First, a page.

There are people that see much ahead of their times and act like “prophets” for society. Aldous Huxley is one of such people who discovered signs of future events and the main trends of evolution. In his famous novel Brave New World, he pictures a seemingly perfect society of consumption where super- people have everything they dream about, except genuine love and their own personality.
The book was written in 1932, years before Orwell’s 1984 that covers similar issues. The novel is a reflection of the author’s idea about the consequences of technological epoch that was still at the dawn in the year of its publishing. Huxley describes the world six centuries after, as he believes this time will be needed to reach the situation modeled in the book. Twenty years later, however, he recognizes that his prediction might have been not bold enough because the brave new world rushes at a huge speed. Decades after the publication of the book, it is clear that it resonates with today’s reality as never before. Even Huxley could not imagine how quickly humanity is able to fall in the trap of consumption and pleasures.
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The book describes a totalitarian society where people are no longer born in a natural way. Instead, they are produced artificially in special factories. This is necessary first of all because the world is overpopulated, and secondly, because people are designed in accordance with their future function in society. There are several castes of humans, such as Alpha, Beta, Gamma, Delta, and Epsilon. Alpha and Beta are dominating castes who rule the world and consume its best pleasure, while the rest of the castes serve to ensure comfortable living of the superior ones. Epsilon people are created to be mentally retarded so as to ensure that they would never be able to think of other goals than purely mechanical work. Delta people are brought up to hate books and flowers, so their destiny is to live a life that is close to that of animals. Besides, all castes except Alpha and Beta are cloned into a number of identical people. In this way, the author demonstrates how individuality is devalued in the described society.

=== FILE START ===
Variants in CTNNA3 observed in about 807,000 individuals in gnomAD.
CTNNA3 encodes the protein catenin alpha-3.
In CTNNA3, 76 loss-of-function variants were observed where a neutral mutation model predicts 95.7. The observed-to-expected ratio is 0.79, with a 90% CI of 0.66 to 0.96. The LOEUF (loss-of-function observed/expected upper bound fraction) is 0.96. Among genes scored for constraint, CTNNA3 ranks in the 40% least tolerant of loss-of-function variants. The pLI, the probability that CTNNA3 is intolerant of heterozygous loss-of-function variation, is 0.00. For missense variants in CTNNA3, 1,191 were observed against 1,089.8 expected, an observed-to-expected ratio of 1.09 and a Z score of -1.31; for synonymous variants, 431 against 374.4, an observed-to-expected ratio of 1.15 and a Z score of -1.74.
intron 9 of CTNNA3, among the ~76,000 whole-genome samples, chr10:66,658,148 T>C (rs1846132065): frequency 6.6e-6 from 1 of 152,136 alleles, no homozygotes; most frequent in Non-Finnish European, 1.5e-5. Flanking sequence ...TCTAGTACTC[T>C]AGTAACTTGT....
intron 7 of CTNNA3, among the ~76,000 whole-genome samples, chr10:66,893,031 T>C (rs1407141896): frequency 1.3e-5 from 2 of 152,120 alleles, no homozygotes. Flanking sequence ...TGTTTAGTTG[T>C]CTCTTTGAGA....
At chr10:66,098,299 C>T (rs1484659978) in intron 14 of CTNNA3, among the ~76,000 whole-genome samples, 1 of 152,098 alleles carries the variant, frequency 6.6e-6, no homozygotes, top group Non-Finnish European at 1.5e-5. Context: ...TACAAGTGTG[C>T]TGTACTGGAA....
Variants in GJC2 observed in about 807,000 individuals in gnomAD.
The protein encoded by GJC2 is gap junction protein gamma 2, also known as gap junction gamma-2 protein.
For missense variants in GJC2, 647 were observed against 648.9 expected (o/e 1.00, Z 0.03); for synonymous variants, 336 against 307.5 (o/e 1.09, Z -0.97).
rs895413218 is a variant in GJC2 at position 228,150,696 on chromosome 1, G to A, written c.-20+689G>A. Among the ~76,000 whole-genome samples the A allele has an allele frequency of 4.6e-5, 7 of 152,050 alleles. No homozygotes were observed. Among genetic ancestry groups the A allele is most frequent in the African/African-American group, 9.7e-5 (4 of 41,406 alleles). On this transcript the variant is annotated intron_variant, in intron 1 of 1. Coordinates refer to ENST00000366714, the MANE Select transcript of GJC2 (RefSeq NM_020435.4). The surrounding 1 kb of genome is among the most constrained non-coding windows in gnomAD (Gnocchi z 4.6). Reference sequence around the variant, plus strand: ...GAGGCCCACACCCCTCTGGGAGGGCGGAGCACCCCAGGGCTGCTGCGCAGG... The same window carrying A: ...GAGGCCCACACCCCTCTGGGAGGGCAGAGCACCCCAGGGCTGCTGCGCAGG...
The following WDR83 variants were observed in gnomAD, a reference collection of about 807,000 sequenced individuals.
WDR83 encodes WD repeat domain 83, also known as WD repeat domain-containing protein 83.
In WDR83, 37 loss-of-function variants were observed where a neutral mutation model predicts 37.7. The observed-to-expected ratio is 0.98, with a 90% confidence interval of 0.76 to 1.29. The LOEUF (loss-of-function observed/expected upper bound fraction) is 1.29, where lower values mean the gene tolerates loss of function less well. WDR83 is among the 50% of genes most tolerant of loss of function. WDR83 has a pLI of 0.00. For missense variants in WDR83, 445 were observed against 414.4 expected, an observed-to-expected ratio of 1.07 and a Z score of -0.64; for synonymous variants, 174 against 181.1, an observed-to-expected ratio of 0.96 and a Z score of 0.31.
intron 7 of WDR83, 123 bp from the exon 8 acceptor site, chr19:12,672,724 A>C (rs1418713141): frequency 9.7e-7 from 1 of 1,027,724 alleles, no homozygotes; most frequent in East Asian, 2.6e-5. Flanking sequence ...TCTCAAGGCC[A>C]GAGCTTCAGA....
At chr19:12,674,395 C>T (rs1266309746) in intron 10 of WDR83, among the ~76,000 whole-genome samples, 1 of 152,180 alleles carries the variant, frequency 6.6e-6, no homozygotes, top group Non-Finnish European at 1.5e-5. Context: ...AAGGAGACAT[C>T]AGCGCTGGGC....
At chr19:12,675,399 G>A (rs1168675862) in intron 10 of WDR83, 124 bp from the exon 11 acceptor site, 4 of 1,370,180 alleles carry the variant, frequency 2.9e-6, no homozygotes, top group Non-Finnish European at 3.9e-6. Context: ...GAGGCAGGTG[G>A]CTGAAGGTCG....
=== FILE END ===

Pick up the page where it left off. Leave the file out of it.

The government tries to make people as detached from their family as possible, which is yet not difficult to do because there are practically no people left who were born in a natural way. This means they were not nursed by loving parents and they were not taught the basic values of humanity. Moreover, the negative concept of parents is imposed on people by propaganda. If the perception of a father is mostly ironic, the word “mother” is considered to be one of the filthiest curses ever. From childhood people are engaged into sexual games in order to get rid of any strong emotions that are related to relations between a man and a woman. There is no privacy and depth in socially acceptable norms of behavior. Moreover, having attachment to one partner is condemned and ridiculed; people tend to have multiple partners with focus on sex.
In the described society, there is no division into countries, which seems to be a reflection of the utter utopian dreams. There is the World State, which is ruled by a group of officials, called World Controllers. Alpha people are created to become the leaders, so these people all originate from this caste. There are places, however, where small remnants of the old world are preserved accidentally. These places are either distant islands where rebels are exiled or Indian reservations. In this kind of reservation, Lenina Crowne and Bernard Marx discover John, a unique person because he was born in a natural way. He looks and acts as a savage to them because he has emotions and moral standards that have been destroyed in the World State.